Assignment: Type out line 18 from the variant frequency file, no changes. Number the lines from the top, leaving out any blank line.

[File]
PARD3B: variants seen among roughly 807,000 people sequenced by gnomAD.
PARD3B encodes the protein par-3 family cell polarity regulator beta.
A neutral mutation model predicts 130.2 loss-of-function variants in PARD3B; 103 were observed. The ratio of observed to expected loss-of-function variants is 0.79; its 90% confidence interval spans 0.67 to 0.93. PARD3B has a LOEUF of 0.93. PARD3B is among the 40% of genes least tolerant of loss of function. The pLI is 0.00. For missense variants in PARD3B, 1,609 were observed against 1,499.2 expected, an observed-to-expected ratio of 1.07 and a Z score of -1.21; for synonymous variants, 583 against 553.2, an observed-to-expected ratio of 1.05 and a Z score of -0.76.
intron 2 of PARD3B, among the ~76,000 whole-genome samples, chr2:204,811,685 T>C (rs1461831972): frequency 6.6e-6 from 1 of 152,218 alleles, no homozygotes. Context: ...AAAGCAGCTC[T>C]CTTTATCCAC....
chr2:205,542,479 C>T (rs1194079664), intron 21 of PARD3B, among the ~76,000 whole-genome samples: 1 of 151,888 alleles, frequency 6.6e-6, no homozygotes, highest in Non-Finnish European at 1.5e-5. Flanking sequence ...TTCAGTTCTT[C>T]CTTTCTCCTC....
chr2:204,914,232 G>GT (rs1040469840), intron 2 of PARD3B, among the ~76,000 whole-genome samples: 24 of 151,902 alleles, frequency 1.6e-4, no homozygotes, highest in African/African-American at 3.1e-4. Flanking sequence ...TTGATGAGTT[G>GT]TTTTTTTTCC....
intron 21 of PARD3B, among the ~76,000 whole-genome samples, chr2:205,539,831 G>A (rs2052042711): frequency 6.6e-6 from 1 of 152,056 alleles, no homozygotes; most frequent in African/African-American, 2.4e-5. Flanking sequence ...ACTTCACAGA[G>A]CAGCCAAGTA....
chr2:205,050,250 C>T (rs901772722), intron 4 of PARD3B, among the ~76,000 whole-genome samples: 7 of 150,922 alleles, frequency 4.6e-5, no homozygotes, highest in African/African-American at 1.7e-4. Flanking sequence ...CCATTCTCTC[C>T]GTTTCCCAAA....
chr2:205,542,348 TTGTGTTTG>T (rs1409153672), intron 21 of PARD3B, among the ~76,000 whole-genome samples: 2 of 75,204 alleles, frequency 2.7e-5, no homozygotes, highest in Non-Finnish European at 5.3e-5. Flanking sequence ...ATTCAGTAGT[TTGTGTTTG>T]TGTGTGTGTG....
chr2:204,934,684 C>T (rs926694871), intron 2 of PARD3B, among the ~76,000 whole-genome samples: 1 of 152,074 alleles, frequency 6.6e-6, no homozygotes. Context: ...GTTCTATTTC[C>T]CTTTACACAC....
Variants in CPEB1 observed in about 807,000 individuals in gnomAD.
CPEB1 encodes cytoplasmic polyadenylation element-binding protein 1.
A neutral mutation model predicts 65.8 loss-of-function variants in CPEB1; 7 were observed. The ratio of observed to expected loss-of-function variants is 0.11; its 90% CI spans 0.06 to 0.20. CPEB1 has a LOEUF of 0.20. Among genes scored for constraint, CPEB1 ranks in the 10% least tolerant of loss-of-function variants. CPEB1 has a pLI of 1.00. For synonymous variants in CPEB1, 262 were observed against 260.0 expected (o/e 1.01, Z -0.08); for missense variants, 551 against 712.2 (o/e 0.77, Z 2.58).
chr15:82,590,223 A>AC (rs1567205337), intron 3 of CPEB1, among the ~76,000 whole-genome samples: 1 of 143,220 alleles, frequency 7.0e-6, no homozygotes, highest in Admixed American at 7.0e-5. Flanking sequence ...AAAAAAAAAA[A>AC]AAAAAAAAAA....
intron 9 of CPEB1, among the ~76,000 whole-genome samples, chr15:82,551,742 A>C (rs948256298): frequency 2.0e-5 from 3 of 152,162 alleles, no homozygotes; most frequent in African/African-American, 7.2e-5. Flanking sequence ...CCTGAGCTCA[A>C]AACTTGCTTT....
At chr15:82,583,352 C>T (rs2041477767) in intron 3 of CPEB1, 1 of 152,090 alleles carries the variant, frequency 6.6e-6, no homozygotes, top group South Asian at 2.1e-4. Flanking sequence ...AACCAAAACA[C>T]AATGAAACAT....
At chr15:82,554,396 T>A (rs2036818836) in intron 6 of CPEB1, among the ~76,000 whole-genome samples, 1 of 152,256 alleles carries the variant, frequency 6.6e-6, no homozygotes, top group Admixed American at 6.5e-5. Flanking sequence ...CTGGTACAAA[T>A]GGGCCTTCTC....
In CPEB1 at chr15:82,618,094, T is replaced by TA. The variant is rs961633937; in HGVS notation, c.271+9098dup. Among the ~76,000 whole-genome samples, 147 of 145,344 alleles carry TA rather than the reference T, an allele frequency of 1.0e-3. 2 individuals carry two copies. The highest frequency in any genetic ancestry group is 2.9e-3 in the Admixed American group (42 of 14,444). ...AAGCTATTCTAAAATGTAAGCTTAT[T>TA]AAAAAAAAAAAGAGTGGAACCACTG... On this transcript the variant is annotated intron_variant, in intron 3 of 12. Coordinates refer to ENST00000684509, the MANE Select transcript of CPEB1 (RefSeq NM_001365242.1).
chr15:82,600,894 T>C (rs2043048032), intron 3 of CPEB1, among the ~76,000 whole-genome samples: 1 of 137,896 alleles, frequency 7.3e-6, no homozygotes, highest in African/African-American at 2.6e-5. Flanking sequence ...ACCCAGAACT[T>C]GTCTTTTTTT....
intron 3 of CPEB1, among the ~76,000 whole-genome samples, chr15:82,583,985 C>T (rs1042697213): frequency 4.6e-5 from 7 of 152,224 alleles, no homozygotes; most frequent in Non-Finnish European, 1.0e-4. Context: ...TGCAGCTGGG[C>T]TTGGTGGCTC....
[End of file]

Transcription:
In CPEB1 at chr15:82,618,094, T is replaced by TA. The variant is rs961633937; in HGVS notation, c.271+9098dup. Among the ~76,000 whole-genome samples, 147 of 145,344 alleles carry TA rather than the reference T, an allele frequency of 1.0e-3. 2 individuals carry two copies. The highest frequency in any genetic ancestry group is 2.9e-3 in the Admixed American group (42 of 14,444). ...AAGCTATTCTAAAATGTAAGCTTAT[T>TA]AAAAAAAAAAAGAGTGGAACCACTG... On this transcript the variant is annotated intron_variant, in intron 3 of 12. Coordinates refer to ENST00000684509, the MANE Select transcript of CPEB1 (RefSeq NM_001365242.1).